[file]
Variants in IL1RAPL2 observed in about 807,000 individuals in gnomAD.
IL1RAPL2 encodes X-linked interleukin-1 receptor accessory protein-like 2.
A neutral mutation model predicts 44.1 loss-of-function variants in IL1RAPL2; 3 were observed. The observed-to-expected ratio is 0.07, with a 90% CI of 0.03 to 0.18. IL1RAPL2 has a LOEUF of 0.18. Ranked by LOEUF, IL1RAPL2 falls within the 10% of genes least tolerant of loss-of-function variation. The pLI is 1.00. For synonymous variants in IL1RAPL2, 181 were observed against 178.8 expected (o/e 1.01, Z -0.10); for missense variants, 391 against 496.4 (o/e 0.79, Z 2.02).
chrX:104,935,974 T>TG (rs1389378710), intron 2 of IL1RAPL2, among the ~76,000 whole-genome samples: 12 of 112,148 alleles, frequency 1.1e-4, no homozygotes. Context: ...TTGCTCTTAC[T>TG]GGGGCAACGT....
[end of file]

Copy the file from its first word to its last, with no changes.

Variants in IL1RAPL2 observed in about 807,000 individuals in gnomAD.
IL1RAPL2 encodes X-linked interleukin-1 receptor accessory protein-like 2.
A neutral mutation model predicts 44.1 loss-of-function variants in IL1RAPL2; 3 were observed. The observed-to-expected ratio is 0.07, with a 90% CI of 0.03 to 0.18. IL1RAPL2 has a LOEUF of 0.18. Ranked by LOEUF, IL1RAPL2 falls within the 10% of genes least tolerant of loss-of-function variation. The pLI is 1.00. For synonymous variants in IL1RAPL2, 181 were observed against 178.8 expected (o/e 1.01, Z -0.10); for missense variants, 391 against 496.4 (o/e 0.79, Z 2.02).
chrX:104,935,974 T>TG (rs1389378710), intron 2 of IL1RAPL2, among the ~76,000 whole-genome samples: 12 of 112,148 alleles, frequency 1.1e-4, no homozygotes. Context: ...TTGCTCTTAC[T>TG]GGGGCAACGT....